Recounting the cultural keystones of the Inlaud Tribe through oral narratives and festivities on Pinaing/Pinading
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Keywords

abra
<em>Inlaud Tribe</em>
<em>Pinaing/ Pinading</em>
ethnolinguistic groups

How to Cite

Enriquez, A. A. ., & Pablo, G. . (2022). Recounting the cultural keystones of the Inlaud Tribe through oral narratives and festivities on Pinaing/Pinading. South Florida Journal of Development, 3(4), 5023–5029. https://doi.org/10.46932/sfjdv3n4-075

Abstract

The Tingguians as one of nearly 100 ethnolinguistic groups in the Philippines are mostly in Abra’s highlands, and each of the 11 sub-groups have their own distinct language. The tribe has been distributed in the municipalities of Peñarrubia, Langiden, Danglas, and Lagangilang. The language and dialects of the Inlaud Itnegs have quite several lexical similarities to the Ilocano language, which is their second language. This study focused on the existing oral narrative of the Inlaud Tribe, the “Pinaing”. It subsequently showed this literary form of traditional stories or oral narratives collected from the selected knowledgeable elders and folks of the tribe. It further described how fabulists influenced and transformed the lives of these indigenous peoples. The study utilized qualitative-narrative research as it focused on the oral narrative as the basis of the cultural underpinnings or keystones of the tribe. The respondents purposively selected old folks and elders from the municipality of Peñarrubia who, had various experiences and extreme knowledge of “Pinaing”. The results gathered were coded and thematized using Braun and Clarke (2006) Thematic Analysis. Findings revealed that the oral narrative on Pinaing remarkably left good values that had developed or shaped the spirit and morale of the IP’s. The Pinaing culture is still respected and sustained its virtual and natural essence to the perceptions of the people. This is yearly and grandly celebrated by the people of Penarrubia calling it “Pinaing Festival”. It justified that the culture, practices, and traditions still exist among the Inlaud tribe. The researchers humbly recommend that the gathered data be endorsed as authentic sources of ethnographic data of the tribe and curriculum inclusion may be considered.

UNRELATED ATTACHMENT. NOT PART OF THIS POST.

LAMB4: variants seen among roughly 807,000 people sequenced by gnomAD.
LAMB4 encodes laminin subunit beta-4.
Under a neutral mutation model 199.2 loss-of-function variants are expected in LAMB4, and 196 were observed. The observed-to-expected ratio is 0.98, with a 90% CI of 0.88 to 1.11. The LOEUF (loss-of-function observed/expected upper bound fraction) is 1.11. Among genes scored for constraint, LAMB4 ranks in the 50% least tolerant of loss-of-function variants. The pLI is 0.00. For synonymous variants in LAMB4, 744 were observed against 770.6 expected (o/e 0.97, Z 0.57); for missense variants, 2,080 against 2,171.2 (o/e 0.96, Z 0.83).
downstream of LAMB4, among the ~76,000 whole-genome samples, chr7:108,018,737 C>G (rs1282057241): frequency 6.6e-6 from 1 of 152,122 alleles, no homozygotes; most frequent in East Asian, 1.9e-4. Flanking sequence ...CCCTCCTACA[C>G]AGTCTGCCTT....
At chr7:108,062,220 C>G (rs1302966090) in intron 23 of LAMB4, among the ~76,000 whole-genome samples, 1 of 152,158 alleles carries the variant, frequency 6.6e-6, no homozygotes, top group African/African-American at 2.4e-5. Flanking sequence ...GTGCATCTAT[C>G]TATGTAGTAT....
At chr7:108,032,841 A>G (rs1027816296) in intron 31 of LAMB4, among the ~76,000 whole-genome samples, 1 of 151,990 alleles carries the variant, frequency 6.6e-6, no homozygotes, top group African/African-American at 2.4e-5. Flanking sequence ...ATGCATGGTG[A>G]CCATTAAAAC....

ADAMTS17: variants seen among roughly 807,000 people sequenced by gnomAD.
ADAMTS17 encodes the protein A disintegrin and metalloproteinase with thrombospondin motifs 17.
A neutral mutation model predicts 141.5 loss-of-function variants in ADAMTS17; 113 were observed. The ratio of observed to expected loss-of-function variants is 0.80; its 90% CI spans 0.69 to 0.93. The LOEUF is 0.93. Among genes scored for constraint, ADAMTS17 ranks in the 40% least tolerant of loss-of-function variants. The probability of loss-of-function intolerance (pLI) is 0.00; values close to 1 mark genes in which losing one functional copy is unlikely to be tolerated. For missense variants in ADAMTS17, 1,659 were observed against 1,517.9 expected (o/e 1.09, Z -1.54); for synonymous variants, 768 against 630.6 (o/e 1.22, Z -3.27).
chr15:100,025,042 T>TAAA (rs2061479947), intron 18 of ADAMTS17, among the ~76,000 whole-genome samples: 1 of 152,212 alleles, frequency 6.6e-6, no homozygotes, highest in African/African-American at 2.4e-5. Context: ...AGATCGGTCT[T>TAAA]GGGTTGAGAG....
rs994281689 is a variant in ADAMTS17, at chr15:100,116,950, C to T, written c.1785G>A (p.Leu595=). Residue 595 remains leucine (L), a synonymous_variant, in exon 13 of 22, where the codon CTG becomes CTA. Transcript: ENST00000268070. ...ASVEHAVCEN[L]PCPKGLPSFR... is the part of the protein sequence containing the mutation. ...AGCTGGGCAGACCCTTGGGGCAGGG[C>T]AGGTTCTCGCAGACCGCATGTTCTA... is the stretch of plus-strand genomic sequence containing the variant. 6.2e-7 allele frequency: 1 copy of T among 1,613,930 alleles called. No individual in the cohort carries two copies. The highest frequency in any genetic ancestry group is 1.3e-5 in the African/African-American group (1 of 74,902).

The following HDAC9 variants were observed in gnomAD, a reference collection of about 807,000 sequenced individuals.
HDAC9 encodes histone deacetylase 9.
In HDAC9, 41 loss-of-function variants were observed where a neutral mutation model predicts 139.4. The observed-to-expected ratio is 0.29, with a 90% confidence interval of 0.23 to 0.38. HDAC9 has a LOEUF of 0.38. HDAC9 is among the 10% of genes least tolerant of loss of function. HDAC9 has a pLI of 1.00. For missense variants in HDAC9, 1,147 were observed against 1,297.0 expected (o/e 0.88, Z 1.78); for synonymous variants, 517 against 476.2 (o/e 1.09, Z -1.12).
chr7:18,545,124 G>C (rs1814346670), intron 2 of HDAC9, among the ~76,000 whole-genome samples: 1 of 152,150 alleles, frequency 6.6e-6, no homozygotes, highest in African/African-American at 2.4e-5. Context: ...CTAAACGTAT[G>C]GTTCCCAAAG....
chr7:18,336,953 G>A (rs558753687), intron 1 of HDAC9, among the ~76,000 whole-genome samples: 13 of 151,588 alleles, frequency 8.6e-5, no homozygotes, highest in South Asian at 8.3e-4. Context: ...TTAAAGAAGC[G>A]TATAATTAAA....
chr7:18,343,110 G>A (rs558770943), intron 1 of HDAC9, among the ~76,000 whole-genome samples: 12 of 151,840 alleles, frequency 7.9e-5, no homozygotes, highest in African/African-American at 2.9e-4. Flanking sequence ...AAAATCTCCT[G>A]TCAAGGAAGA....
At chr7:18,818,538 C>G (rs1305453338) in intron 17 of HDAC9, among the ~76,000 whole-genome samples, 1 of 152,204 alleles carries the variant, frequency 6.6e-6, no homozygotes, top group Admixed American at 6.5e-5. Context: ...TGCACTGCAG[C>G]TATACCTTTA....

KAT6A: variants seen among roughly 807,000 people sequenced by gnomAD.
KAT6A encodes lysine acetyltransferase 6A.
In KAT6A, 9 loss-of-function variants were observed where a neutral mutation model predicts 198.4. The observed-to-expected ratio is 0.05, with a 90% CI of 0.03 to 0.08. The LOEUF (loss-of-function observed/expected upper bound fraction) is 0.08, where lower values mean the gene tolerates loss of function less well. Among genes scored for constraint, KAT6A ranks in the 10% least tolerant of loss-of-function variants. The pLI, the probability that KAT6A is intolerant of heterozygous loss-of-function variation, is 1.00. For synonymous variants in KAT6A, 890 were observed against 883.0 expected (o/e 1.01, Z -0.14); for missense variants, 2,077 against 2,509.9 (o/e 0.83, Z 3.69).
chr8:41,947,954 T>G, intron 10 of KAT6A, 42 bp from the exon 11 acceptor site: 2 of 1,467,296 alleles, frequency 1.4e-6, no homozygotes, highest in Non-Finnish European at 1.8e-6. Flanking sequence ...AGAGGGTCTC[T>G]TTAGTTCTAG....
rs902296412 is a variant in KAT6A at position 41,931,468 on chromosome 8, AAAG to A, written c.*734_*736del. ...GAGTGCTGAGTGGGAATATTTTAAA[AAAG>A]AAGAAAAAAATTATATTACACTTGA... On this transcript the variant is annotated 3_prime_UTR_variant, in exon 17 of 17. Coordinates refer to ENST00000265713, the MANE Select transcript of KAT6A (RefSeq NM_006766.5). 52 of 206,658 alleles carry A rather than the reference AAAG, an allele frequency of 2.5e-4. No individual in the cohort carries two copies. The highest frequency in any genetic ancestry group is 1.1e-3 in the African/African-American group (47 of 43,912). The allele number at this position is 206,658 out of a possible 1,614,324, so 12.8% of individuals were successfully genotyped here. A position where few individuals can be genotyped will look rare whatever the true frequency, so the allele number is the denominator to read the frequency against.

https://doi.org/10.46932/sfjdv3n4-075
Full text (PDF)